African democracy icon and South Africa’s revered anti-apartheid campaigner, Nelson Mandela, may be dead but his life continues to be celebrated across the world.
From exhibitions on his life (in London), the unveiling of statues in his honour (at the United Nations Headquarters), the annual memorial lectures (back home in South Africa), the life of Madiba is almost constantly celebrated by the government.
The latest Mandela ‘issue’ across the Atlantic is of an auction in New York. The piece involves a drawing that he put together in 2002 over a decade after he was released from the famed Robben Island prisons.
“The Cell Door, Robben Island,” fetched far more than auctioneers had originally expected. It is basically a drawing of the door of his prison cell on Robben Island.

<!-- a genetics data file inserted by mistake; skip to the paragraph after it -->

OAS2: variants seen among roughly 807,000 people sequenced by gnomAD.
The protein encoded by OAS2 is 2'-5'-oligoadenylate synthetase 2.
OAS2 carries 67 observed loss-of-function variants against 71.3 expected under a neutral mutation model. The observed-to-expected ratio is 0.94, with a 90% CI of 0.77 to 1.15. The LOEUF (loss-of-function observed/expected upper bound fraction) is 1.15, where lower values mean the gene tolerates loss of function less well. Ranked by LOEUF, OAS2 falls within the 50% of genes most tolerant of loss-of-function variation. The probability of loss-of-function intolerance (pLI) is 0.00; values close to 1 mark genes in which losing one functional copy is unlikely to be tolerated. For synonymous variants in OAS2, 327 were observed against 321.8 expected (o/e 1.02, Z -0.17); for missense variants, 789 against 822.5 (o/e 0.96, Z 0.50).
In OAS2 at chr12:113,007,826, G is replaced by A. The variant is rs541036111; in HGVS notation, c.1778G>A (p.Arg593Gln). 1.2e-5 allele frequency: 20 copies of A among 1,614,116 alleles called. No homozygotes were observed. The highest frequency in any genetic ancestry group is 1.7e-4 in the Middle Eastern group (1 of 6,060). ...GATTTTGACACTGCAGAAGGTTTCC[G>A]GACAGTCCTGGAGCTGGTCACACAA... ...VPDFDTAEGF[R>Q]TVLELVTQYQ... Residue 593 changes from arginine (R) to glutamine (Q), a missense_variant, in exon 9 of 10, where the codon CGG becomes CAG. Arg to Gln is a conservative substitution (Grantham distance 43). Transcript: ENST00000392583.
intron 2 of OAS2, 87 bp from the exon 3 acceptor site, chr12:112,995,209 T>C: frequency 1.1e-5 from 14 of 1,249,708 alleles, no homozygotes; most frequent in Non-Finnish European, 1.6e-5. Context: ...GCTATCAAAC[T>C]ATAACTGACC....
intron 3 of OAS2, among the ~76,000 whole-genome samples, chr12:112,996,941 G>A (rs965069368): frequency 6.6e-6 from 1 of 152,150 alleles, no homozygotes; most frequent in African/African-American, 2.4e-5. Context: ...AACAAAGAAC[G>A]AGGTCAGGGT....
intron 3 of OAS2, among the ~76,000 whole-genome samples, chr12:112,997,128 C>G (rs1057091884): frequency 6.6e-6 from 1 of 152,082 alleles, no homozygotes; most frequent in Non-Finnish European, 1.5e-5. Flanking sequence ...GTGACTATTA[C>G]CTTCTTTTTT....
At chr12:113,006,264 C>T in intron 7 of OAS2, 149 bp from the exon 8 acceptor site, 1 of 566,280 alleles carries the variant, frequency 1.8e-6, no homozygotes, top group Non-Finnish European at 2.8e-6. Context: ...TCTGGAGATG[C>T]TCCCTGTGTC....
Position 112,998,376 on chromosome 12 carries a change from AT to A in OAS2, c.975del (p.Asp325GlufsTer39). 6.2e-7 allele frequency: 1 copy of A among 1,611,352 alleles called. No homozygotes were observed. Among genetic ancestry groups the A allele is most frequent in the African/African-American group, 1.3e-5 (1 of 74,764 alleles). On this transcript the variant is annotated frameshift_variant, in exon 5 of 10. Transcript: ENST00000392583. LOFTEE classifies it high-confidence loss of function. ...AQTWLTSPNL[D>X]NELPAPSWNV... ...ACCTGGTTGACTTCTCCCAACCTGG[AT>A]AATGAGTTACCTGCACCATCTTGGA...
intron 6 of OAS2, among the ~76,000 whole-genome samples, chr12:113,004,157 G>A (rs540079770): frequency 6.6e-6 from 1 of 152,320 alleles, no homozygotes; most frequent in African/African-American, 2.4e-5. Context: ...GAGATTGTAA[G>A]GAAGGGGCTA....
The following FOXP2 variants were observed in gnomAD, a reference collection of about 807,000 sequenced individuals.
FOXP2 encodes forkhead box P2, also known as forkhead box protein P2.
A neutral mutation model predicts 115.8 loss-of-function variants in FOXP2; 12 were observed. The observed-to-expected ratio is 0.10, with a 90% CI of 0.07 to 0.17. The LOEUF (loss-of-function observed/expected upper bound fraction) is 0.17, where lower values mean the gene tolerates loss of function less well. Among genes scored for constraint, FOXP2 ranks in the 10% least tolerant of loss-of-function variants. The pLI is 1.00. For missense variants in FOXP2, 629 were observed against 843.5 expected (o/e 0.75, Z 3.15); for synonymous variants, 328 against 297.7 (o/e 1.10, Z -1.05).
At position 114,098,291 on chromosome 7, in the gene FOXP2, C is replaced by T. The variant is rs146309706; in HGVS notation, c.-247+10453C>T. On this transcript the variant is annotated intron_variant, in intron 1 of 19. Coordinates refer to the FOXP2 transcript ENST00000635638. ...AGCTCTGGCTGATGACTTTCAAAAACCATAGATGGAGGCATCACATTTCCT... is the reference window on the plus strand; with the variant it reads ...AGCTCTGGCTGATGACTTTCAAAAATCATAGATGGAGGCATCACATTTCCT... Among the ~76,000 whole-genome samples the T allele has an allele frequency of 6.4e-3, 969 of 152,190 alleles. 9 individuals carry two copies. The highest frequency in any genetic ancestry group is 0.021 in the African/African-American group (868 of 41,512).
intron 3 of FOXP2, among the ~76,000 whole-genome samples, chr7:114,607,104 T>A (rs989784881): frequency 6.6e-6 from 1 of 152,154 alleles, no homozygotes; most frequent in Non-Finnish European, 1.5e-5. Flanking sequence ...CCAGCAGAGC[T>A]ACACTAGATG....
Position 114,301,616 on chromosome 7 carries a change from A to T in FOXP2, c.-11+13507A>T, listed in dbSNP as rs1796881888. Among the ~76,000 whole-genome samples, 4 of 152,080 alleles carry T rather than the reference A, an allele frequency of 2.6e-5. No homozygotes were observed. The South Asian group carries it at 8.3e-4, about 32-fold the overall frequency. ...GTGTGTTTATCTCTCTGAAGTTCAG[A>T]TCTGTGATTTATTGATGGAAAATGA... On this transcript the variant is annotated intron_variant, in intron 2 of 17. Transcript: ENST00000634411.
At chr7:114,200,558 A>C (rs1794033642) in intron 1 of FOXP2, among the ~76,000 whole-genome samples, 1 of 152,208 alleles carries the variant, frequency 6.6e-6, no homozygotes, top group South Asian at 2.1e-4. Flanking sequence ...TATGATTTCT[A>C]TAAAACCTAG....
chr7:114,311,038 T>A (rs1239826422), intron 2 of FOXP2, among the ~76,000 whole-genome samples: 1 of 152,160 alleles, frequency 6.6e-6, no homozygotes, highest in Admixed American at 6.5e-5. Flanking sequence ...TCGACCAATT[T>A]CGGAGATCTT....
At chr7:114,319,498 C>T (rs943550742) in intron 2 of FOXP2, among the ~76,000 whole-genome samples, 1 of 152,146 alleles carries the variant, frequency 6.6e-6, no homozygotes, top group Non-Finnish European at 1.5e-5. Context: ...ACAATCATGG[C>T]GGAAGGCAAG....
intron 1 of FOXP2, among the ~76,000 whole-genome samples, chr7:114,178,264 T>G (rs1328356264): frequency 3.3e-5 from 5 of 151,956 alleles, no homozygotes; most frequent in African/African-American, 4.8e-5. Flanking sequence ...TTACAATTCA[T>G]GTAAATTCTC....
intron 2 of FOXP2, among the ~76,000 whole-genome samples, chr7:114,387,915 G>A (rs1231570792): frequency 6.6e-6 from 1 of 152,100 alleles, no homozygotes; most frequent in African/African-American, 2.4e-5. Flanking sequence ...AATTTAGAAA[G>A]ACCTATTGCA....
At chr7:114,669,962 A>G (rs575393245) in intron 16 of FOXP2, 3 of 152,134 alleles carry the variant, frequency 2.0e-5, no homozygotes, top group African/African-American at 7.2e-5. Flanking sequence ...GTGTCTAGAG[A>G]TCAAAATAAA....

It sold for $112,575, close to double of the estimated value which stood between $60,000 and $90,000. The bars of the cell and a key in the lock are painted purple, showing an orange floor inside.
The piece was auctioned by Bonhams under the Modern and Contemporary African Art. The piece was being held by a son of Mandela.
“When my father retired as the president, he didn’t have much to do. I think for him, art was a good way of expressing himself or trying to come to terms with his history and his (I wouldn’t want to say) demons but just coming to terms with his whole life,” Dr. Pumla Makiwe said